I
FÍSICA IV was born as a continuation of my previous project, El espacio privilegiado (Privileged space), in which issues related to the nature of space, understood as a previous and necessary substance of the landscape, were addressed through interventions at open air wild areas. For that project I considered the main cosmogonic theories developed through human history, from Thales of Miletus to Einstein, whose ideas I tried to add to landscape interventions. For FÍSICA IV, I focused on Aristotle's ideas about space that the philosopher wrote in his Book IV of PHYSICS I.

Space metaphysical questioning has accompanied the human being since the dawn of consciousness of it. Because Space, in addition to being an Res Extensa, is also a Res Extranea. First conceptions place Space notion on a religious symbolic level, and later, with the polis, evaluate it from a philosophical point of view. Now, and since Copernicus century, Space has been questioned from a scientific point of view. But in all these ways of approaching the question, a common idea always underlies: the cosmogonic character of its answer.

Even in our current scientific investigation of Space, an annoying metaphysical substratum appears for scientists that they are not able to explain with their language. This speculative beginning is located in the 10-43 seconds after Big-Bang. Further behind the so-called Planck Time, scientific numbers cannot be applied. Is in this tiny space of time where all cosmogonies inhabit. From the Sumerian theory to the university one.

Although the Aristotelian theory about space is largely outdated, and some of its statements may be seen a superstition, it is the theory that remained valid for the longest time. The importance of Aristotle's theory lies in the fact that it will provide the conceptual framework for Ptolemy's geocentrism, whose paradigm remained current for 14 centuries, until Copernicus proposed the Sun as the center of his system.

Aristotle thought that the Universe was a living organism, finite and hierarchically ordered. He did not understand space as a mere dimensional, geometric substance, but “a datum of experience, something that we perceive through our senses –writes Professor Rioja Nieto–, and what they make us know is real. In conclusion, the starting point is an empiricist decision”.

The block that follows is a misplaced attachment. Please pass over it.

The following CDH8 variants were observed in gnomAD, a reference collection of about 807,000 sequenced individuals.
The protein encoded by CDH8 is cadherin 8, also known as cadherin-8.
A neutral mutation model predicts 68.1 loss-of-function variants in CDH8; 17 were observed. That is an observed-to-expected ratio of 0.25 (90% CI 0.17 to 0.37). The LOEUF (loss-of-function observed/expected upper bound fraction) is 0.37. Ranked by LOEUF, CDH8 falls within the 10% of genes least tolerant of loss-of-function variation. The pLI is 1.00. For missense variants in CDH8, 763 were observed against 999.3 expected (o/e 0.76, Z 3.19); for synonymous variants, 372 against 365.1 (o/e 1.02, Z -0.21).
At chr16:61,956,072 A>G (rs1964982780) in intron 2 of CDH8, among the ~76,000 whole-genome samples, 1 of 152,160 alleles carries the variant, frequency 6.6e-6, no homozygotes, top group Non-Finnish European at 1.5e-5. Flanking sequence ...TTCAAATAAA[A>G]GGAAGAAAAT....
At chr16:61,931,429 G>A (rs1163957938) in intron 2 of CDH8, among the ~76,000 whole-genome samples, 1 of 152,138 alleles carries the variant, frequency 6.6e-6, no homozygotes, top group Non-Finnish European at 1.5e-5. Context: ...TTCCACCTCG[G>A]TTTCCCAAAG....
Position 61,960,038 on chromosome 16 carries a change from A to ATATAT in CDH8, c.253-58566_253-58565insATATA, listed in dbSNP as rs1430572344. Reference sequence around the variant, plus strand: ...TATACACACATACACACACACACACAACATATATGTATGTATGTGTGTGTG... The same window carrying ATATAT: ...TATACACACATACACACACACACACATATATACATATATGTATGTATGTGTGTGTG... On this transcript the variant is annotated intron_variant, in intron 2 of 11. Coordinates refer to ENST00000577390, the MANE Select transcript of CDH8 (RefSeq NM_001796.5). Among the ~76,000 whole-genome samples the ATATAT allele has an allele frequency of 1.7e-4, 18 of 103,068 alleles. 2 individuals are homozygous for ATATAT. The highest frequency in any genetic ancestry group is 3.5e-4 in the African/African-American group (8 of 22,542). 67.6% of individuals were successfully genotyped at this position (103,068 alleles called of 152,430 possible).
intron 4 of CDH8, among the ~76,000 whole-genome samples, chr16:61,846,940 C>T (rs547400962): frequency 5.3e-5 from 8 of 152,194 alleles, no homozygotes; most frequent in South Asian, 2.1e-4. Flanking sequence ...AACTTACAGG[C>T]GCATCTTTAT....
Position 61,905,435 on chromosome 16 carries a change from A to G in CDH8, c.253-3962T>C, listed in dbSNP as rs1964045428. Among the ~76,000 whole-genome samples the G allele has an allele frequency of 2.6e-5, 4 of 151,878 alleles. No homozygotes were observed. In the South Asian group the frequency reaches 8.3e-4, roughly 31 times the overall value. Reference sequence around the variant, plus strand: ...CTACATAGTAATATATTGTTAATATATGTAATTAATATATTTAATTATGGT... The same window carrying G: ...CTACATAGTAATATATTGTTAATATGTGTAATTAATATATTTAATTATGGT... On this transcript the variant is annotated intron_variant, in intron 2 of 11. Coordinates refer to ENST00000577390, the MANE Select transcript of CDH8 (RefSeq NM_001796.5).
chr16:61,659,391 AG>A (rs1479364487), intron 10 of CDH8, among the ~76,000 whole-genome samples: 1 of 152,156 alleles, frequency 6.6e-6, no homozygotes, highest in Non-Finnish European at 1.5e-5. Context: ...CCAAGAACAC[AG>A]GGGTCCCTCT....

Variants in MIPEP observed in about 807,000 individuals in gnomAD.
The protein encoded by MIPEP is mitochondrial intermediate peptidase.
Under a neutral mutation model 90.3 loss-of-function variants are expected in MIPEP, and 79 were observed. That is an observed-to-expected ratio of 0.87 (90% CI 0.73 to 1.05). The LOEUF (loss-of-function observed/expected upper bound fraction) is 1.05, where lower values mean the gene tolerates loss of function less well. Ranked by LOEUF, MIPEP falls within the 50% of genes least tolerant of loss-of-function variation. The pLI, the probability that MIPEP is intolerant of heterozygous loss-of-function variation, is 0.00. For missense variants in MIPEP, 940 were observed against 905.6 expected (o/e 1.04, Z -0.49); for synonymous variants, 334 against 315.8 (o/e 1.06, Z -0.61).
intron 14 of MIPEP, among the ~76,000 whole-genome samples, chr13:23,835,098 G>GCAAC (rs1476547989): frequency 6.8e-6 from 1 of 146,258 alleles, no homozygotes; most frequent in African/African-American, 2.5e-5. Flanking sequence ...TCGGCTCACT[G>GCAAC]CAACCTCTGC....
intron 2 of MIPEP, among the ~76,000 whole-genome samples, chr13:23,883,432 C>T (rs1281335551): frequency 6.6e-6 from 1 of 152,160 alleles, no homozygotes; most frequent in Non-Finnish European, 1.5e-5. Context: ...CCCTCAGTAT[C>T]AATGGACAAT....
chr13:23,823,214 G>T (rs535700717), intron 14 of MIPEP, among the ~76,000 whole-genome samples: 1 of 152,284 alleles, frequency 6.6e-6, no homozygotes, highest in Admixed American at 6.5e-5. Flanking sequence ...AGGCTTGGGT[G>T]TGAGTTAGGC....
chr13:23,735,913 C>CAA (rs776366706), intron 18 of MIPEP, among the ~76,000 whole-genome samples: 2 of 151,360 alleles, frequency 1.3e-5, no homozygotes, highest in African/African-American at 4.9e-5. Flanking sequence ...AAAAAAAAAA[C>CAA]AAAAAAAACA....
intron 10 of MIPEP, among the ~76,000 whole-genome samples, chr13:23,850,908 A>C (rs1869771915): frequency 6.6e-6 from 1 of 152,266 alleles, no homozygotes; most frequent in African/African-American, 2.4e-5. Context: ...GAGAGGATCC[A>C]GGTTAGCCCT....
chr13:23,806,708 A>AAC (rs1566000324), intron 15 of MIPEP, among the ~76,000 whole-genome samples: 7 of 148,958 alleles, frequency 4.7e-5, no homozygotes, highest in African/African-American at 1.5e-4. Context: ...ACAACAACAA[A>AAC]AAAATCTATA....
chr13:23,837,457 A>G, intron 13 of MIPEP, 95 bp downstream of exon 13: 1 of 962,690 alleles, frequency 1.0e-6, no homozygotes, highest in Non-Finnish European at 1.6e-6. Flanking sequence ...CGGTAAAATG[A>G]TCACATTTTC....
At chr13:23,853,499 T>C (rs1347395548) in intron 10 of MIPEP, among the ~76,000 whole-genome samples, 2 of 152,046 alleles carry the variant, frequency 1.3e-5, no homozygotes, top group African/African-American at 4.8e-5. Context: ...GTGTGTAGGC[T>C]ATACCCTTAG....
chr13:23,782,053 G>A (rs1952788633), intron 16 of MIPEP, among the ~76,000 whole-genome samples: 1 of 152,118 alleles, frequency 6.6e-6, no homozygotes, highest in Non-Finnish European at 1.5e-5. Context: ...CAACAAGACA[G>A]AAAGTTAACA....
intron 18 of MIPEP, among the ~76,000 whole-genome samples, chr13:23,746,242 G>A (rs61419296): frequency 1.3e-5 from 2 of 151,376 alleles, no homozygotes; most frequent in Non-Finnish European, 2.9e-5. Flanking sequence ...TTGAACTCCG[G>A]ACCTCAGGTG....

About what Space is for Aristotle, we should understand that he does not conceive the existence of vacuum, so it is Matter what determines the existence of Space. That is why the Stagirite "never speaks of space, but of 'place' as the definition of a body in terms of the limit between the body itself and that thing which contains it”. The author himself already warns us in his text about the intricacy of the subject: “I must make clear about its intractability and the problems that surround it”.

In other words, Peña Nieto continues,"place is defined as the internal surface of the container that is in contact with the external surface of the content, which it surrounds and borders, both having to be exactly the same in terms of size”.

“Place”, which others have wanted to translate as space, would be a kind of membrane that runs through the shape of the bodies it contains. Among the arguments that lead the philosopher to this conclusion is that space, although without matter, has the same dimensions as matter.

II
This Aristotelian protective film that is space is what the different volumes with which the interventions have been carried out represent. These are volumetric pieces made with construction fence fabric that serve to delimit space, to create it. The black fabric is the limit between the body itself and that one which contains it.

The interventions and their photos were made in the inhabited perimeter areas of Madrid, a bordering space where industrial estates coexist with vacant lots and highways. Although these spaces already have an extensive symbolic substratum for all of us, they are spaces that are dispossessed of a clear identity, somehow their “what for” concept is unknown. They are thus

more permeable to interpretation spaces and in some way they suggest new readings. This is not only due to the absence of its functionality, but to the very morphology of the space, that provides enough formal severity to the artist interventions.

This elementary austerity produces that many of the images in the exhibition adopt certain metaphysical meanings, which are intended to fit in with the theme of the project.

In this way, it must be noted that the choice for black and white is not only due to the interest in influencing the theoretical nature of the matter, since that is how the artist believes that B/W affects, but also because in winter, the open space acquires gray tones that suits perfectly to this photograph concept.

III
These installed volumes, which create their space through the fabric that delimits them, have later been installed in the gallery space. The aim is that the change of scale intensifies the presence of these spatial volumes, and that the aesthetic walk of the visitant is interfered with by their materiality, by their limits.

Eduardo Lamparero. Enero 2022.

 

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